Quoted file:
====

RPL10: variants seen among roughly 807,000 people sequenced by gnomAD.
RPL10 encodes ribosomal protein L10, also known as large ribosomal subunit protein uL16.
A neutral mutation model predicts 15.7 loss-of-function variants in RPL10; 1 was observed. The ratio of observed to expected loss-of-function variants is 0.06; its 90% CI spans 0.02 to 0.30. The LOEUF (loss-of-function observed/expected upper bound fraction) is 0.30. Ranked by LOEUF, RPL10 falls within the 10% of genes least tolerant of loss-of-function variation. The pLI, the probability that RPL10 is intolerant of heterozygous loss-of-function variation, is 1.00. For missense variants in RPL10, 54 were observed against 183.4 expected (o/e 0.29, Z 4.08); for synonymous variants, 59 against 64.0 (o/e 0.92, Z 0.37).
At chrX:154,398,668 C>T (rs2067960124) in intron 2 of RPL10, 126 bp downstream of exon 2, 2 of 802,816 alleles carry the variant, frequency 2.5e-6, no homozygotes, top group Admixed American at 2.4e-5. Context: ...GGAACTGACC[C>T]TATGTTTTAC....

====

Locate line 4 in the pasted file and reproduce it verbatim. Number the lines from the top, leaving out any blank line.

At chrX:154,398,668 C>T (rs2067960124) in intron 2 of RPL10, 126 bp downstream of exon 2, 2 of 802,816 alleles carry the variant, frequency 2.5e-6, no homozygotes, top group Admixed American at 2.4e-5. Context: ...GGAACTGACC[C>T]TATGTTTTAC....